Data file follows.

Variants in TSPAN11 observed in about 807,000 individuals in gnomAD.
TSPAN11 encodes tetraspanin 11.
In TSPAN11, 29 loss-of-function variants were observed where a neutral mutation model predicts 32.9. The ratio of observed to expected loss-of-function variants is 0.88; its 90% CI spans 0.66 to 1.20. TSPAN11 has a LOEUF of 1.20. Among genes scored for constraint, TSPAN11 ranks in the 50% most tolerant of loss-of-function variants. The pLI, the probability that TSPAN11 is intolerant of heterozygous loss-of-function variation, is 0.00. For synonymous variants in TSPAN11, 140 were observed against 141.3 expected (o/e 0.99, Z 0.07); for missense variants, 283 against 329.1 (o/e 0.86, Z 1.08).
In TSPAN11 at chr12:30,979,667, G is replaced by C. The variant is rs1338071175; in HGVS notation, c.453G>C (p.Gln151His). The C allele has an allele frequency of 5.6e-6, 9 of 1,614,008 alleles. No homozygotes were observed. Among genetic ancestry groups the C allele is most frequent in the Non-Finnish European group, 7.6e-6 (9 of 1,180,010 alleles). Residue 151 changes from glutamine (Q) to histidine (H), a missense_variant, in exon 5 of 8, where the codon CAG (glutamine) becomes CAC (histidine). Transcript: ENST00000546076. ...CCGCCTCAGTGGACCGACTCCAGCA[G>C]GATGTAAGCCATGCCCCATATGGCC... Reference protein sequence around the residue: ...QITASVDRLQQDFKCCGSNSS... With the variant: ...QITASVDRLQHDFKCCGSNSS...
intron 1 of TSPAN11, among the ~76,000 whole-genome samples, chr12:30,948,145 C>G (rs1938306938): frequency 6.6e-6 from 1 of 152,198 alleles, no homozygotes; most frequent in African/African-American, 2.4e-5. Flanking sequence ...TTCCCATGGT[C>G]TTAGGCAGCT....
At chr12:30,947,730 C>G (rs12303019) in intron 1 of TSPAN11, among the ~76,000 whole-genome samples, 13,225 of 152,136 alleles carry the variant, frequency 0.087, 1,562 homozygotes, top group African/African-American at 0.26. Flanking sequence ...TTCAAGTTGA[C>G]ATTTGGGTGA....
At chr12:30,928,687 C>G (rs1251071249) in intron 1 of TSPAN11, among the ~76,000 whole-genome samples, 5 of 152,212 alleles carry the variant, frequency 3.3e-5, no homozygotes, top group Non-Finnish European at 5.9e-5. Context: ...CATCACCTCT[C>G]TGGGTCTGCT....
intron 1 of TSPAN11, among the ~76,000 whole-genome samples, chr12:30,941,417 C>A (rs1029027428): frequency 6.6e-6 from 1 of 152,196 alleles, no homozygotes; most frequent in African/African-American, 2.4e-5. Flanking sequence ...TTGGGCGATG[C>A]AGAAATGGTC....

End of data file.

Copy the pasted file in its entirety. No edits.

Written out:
Variants in TSPAN11 observed in about 807,000 individuals in gnomAD.
TSPAN11 encodes tetraspanin 11.
In TSPAN11, 29 loss-of-function variants were observed where a neutral mutation model predicts 32.9. The ratio of observed to expected loss-of-function variants is 0.88; its 90% CI spans 0.66 to 1.20. TSPAN11 has a LOEUF of 1.20. Among genes scored for constraint, TSPAN11 ranks in the 50% most tolerant of loss-of-function variants. The pLI, the probability that TSPAN11 is intolerant of heterozygous loss-of-function variation, is 0.00. For synonymous variants in TSPAN11, 140 were observed against 141.3 expected (o/e 0.99, Z 0.07); for missense variants, 283 against 329.1 (o/e 0.86, Z 1.08).
In TSPAN11 at chr12:30,979,667, G is replaced by C. The variant is rs1338071175; in HGVS notation, c.453G>C (p.Gln151His). The C allele has an allele frequency of 5.6e-6, 9 of 1,614,008 alleles. No homozygotes were observed. Among genetic ancestry groups the C allele is most frequent in the Non-Finnish European group, 7.6e-6 (9 of 1,180,010 alleles). Residue 151 changes from glutamine (Q) to histidine (H), a missense_variant, in exon 5 of 8, where the codon CAG (glutamine) becomes CAC (histidine). Transcript: ENST00000546076. ...CCGCCTCAGTGGACCGACTCCAGCA[G>C]GATGTAAGCCATGCCCCATATGGCC... Reference protein sequence around the residue: ...QITASVDRLQQDFKCCGSNSS... With the variant: ...QITASVDRLQHDFKCCGSNSS...
intron 1 of TSPAN11, among the ~76,000 whole-genome samples, chr12:30,948,145 C>G (rs1938306938): frequency 6.6e-6 from 1 of 152,198 alleles, no homozygotes; most frequent in African/African-American, 2.4e-5. Flanking sequence ...TTCCCATGGT[C>G]TTAGGCAGCT....
At chr12:30,947,730 C>G (rs12303019) in intron 1 of TSPAN11, among the ~76,000 whole-genome samples, 13,225 of 152,136 alleles carry the variant, frequency 0.087, 1,562 homozygotes, top group African/African-American at 0.26. Flanking sequence ...TTCAAGTTGA[C>G]ATTTGGGTGA....
At chr12:30,928,687 C>G (rs1251071249) in intron 1 of TSPAN11, among the ~76,000 whole-genome samples, 5 of 152,212 alleles carry the variant, frequency 3.3e-5, no homozygotes, top group Non-Finnish European at 5.9e-5. Context: ...CATCACCTCT[C>G]TGGGTCTGCT....
intron 1 of TSPAN11, among the ~76,000 whole-genome samples, chr12:30,941,417 C>A (rs1029027428): frequency 6.6e-6 from 1 of 152,196 alleles, no homozygotes; most frequent in African/African-American, 2.4e-5. Flanking sequence ...TTGGGCGATG[C>A]AGAAATGGTC....